Awake: 8:00 a.m.
Movies: 9:30 a.m.: For Your Consideration (B); 11:30 a.m.: Borat (B+); 5:00 p.m.: U (B-); 7:15 p.m.: Manufactured Landscapes (C+); 8:45 p.m.: Schuss! (incomplete)
Food: container of strawberry yogurt; stir-fried beef noodles*; grilled sirloin burger with ketchup, tomatoes, onions and hot pickled peppers**; three double chocolate chewy Chips Ahoy
Drink: can of gingerale; bottle of Molson Dry; small mango-peach-pineapple smoothie; half-bottle of Coke; a few swallows of bottled water
Gum: 2 squares Eclipse spearmint
Music: iPod shuffle
Print Media: Entertainment Weekly
TV: none
Conversations: the usual crowd***
Bedtime: 1:30 a.m.

*I had lunch at a restaurant called "Not Just Noodles." I got the noodles.

**Happy beef day.

***While standing in line for U, I overheard an over-serious film critic talking to a colleague about how he had yet to see anything good at the festival. When the second critic said that he'd liked Borat, the over-serious dude said, "Borat … that's the funny one, right?"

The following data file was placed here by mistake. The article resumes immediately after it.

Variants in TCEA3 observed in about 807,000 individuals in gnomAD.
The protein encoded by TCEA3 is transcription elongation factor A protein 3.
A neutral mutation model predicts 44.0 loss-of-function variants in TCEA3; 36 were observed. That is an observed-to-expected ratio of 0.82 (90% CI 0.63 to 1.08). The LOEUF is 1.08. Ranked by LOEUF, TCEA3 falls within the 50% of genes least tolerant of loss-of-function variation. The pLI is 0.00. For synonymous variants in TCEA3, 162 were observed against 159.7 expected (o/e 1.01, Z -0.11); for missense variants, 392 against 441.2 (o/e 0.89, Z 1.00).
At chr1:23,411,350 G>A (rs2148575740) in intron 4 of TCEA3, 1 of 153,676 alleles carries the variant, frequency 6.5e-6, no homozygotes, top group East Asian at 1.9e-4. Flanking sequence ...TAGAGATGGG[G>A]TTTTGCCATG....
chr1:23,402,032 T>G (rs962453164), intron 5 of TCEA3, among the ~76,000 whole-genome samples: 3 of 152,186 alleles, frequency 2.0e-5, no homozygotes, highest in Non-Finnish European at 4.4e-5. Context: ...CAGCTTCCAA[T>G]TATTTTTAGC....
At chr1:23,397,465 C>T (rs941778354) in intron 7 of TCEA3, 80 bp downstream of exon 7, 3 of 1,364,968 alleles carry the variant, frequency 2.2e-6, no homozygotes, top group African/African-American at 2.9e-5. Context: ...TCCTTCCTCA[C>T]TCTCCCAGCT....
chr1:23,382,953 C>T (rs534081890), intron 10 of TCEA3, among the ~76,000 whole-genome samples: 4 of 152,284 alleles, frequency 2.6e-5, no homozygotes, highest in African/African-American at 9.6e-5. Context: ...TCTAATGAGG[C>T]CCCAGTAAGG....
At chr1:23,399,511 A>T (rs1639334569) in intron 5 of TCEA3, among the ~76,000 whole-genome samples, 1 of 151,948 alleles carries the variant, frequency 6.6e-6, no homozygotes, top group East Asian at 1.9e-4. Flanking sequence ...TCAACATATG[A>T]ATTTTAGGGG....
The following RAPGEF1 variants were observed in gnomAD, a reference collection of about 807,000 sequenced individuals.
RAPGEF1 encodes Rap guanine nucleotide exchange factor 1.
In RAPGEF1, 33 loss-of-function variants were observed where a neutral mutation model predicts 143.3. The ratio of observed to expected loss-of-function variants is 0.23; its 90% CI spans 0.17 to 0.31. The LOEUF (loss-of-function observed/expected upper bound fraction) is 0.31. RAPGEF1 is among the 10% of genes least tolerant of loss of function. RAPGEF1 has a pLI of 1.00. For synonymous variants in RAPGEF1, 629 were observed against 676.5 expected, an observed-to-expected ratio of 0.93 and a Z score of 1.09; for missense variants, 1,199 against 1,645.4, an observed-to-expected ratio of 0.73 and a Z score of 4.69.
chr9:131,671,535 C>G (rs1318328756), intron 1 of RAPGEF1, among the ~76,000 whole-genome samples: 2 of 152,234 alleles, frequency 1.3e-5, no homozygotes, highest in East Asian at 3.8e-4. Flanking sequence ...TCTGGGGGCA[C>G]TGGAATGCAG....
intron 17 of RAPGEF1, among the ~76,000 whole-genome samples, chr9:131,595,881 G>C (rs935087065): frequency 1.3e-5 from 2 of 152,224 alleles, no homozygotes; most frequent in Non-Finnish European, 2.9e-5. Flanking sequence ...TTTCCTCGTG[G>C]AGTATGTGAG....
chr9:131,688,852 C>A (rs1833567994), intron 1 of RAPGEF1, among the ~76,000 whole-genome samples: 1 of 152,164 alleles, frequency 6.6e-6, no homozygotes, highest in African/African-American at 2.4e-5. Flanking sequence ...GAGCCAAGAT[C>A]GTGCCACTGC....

Movie notes: The big surprise about Christopher Guest's For You Consideration is that it's not in the semi-improvised "mockumentary" style that Guest is responsible for making overly popular. FYC's mostly scripted, and it's a pretty straightforward comedy, about an earnest indie film production that gets all cocked-up when Oscar buzz starts building on the world wide interweb. What's not surprising about For Your Consideration? The fact that it's just as sour as Guest's other work, and just as based on spoofing show business types that don't really exist in quite the way that Guest imagines them. Guest continues to think it's funny to put people in goofy wigs, or give them stupid names, or make them extra-Jewish. And he's right, sometimes. But FYC's satire is largely stingless, since it's jabbing at comedy stereotypes more than the real beasts of the business. … Also irrelevant, but much funnier: Borat: Cultural Learnings Of America For Make Benefit Glorious Nation Of Kazakhstan , Sacha Baron Cohen's tour through the American south, guided by his Kazakhstan lifestyle reporter persona. Sidesplitting stuff abounds–my favorite line: "her vaj-een hang like sleeve of wizard"–but don't think that Cohen's seemingly chummy, covertly subversive Borat character is revealing anything significant about the American character. Yes, much of this country is populated by racists, homophobes and humorless P.C. types. No, setting up random yahoos so that they come off looking worse than they probably are doesn't prove anything, except that southerners are wired to be extra-accommodating to assholes. But whatever its failings as satire, again, as a comedy, Borat is a scream. … After getting shut out of a public screening of Paris, Je T'aime, I walked around town for a while and then wandered into U, a short French animated feature about a princess who falls in love with a wandering minstrel, thereby destabilizing the order of her little fantasy world. That description makes the movie sound more serious–and sensible–than it actually is. U is more low-key and rambling, built around natural-sounding conversations between idling cartoons. The movie looks pretty, and has an admirably light air, but there's not much to it, and even at 70 minutes, it's a little tiresome. … I ended the day with two experimental documentaries that I wish I'd liked more. Manufactured Landscapes tries to translate the eerily beautiful industrial landscape photography of Edward Burtynsky into cinematic form, by covering a lot of the same ground that Burtynsky does, with a moving camera. But frankly, the subject matter is more suited to stills, where the mysterious abstraction stands on its own. When put into their broader social context–specifically, when Burtynsky fills director Jennifer Baichwal in on the origins and consequences of all the waste he finds and shoots–the movie becomes another one of those "isn't it a pity" docs, where the damnable inequity of globalization provides an occasion for muted, impotent rage. This is double disappointing given that Baichwal previously made The True Meaning of Pictures: Shelby Lee Adams' Appalachia, a really tough and smart doc about art and exploitation. … My other experimental doc was Schuss!, which I abandoned an hour into the two-hour running time, feeling guilty and slightly less-than-hardcore as I slunk out of the Al Green Theater (with its ass-defeating seats hastening my exit). What can I say? I knew going in that this is an allusive essay-film about the twin histories of skiing and aluminum in Europe, and how they exemplify man's disruption of nature in the name of "communing." But while I expected abstraction, I wasn't really counting on the grainy and (to my eyes) unexceptional imagery, or the asynchronous verité soundtrack. I confess that I'm not attuned to the avant-garde necessarily, though I'm not completely ignorant of it either, and Schuss! struck me as middling A-G and less-than-middling documentary filmmaking. My biggest regret in leaving early was that I didn't get the chance to talk with my more A-G-minded pals, to see what they thought. When I hear back from them, I'll update.